Euler discussed whether or not it was possible to stroll around Koenigsberg crossing each of its seven bridges exactly once. Experiment with different numbers of islands and bridges.
Can you find an efficient method to work out how many handshakes
there would be if hundreds of people met?
Spotting patterns can be an important first step - explaining why it is appropriate to generalise is the next step, and often the most interesting and important.
What are the areas of these triangles? What do you notice? Can you generalise to other "families" of triangles?
Charlie has moved between countries and the average income of both
has increased. How can this be so?
Take any two digit number, for example 58. What do you have to do to reverse the order of the digits? Can you find a rule for reversing the order of digits for any two digit number?
How many pairs of numbers can you find that add up to a multiple of
11? Do you notice anything interesting about your results?
This challenge asks you to imagine a snake coiling on itself.
You can work out the number someone else is thinking of as follows. Ask a friend to think of any natural number less than 100. Then ask them to tell you the remainders when this number is divided by. . . .
The NRICH team are always looking for new ways to engage teachers
and pupils in problem solving. Here we explain the thinking behind
It starts quite simple but great opportunities for number discoveries and patterns!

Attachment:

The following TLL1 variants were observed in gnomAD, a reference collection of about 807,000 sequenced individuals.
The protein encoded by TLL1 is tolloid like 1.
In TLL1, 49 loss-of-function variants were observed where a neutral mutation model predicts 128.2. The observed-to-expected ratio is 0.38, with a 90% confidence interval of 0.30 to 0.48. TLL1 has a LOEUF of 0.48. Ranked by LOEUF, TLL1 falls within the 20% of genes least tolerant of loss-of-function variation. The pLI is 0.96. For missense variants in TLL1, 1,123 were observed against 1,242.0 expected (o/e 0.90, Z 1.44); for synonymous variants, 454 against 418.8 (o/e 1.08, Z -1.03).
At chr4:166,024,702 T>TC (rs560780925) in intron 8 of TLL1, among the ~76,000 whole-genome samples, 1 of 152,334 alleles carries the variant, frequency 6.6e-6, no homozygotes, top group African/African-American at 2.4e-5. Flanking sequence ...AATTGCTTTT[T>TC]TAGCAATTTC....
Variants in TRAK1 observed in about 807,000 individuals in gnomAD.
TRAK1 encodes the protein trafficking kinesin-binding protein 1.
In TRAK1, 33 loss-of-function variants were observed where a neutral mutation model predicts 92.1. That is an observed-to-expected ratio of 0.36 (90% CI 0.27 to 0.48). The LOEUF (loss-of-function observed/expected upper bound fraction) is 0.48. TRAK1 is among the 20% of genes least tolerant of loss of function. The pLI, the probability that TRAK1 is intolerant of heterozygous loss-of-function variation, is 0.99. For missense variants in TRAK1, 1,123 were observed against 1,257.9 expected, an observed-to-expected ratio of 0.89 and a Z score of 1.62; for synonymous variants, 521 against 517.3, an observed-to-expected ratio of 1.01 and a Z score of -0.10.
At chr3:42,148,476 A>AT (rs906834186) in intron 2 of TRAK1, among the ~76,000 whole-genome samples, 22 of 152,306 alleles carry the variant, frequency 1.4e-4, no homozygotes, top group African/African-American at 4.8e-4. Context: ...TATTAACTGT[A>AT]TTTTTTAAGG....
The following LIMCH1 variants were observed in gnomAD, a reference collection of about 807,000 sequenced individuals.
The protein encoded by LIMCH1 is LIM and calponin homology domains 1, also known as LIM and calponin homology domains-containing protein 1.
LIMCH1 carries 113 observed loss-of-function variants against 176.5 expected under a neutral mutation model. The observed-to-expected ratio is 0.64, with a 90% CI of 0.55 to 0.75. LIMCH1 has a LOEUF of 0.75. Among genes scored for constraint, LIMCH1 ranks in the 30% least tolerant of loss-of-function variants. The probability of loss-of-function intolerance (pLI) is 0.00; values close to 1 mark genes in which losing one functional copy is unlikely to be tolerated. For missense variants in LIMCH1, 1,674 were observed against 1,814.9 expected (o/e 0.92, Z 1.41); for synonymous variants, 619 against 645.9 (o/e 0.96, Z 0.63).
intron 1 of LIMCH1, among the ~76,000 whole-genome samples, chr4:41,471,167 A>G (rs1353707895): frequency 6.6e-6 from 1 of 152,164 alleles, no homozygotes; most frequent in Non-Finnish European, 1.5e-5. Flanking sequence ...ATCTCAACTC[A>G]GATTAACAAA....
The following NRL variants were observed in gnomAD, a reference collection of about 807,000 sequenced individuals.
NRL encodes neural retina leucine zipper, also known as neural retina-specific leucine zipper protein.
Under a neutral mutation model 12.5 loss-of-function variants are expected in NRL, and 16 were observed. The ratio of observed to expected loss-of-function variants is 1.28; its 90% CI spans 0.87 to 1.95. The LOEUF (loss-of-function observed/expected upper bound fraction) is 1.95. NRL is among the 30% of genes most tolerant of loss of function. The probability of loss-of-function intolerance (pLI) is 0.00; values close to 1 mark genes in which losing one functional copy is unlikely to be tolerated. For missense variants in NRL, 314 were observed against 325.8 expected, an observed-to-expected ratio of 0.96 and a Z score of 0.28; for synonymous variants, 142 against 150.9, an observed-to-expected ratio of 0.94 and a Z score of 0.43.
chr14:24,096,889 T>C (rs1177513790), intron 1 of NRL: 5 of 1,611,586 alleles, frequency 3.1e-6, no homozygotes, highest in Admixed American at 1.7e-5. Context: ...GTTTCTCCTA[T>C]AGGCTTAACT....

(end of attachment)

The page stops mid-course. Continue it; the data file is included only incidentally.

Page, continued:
The number of plants in Mr McGregor's magic potting shed increases
overnight. He'd like to put the same number of plants in each of
his gardens, planting one garden each day. How can he do it?
Draw a square. A second square of the same size slides around the
first always maintaining contact and keeping the same orientation.
How far does the dot travel?
Square numbers can be represented as the sum of consecutive odd
numbers. What is the sum of 1 + 3 + ..... + 149 + 151 + 153?
One block is needed to make an up-and-down staircase, with one step
up and one step down. How many blocks would be needed to build an
up-and-down staircase with 5 steps up and 5 steps down?
Imagine starting with one yellow cube and covering it all over with
a single layer of red cubes, and then covering that cube with a
layer of blue cubes. How many red and blue cubes would you need?
The sum of the numbers 4 and 1 [1/3] is the same as the product of 4 and 1 [1/3]; that is to say 4 + 1 [1/3] = 4 × 1 [1/3]. What other numbers have the sum equal to the product and can this be so for. . . .
Start with two numbers. This is the start of a sequence. The next
number is the average of the last two numbers. Continue the
sequence. What will happen if you carry on for ever?
A 2 by 3 rectangle contains 8 squares and a 3 by 4 rectangle
contains 20 squares. What size rectangle(s) contain(s) exactly 100
squares? Can you find them all?
What would be the smallest number of moves needed to move a Knight
from a chess set from one corner to the opposite corner of a 99 by
99 square board?
If you can copy a network without lifting your pen off the paper and without drawing any line twice, then it is traversable.
Decide which of these diagrams are traversable.
Investigate the sum of the numbers on the top and bottom faces of a line of three dice. What do you notice?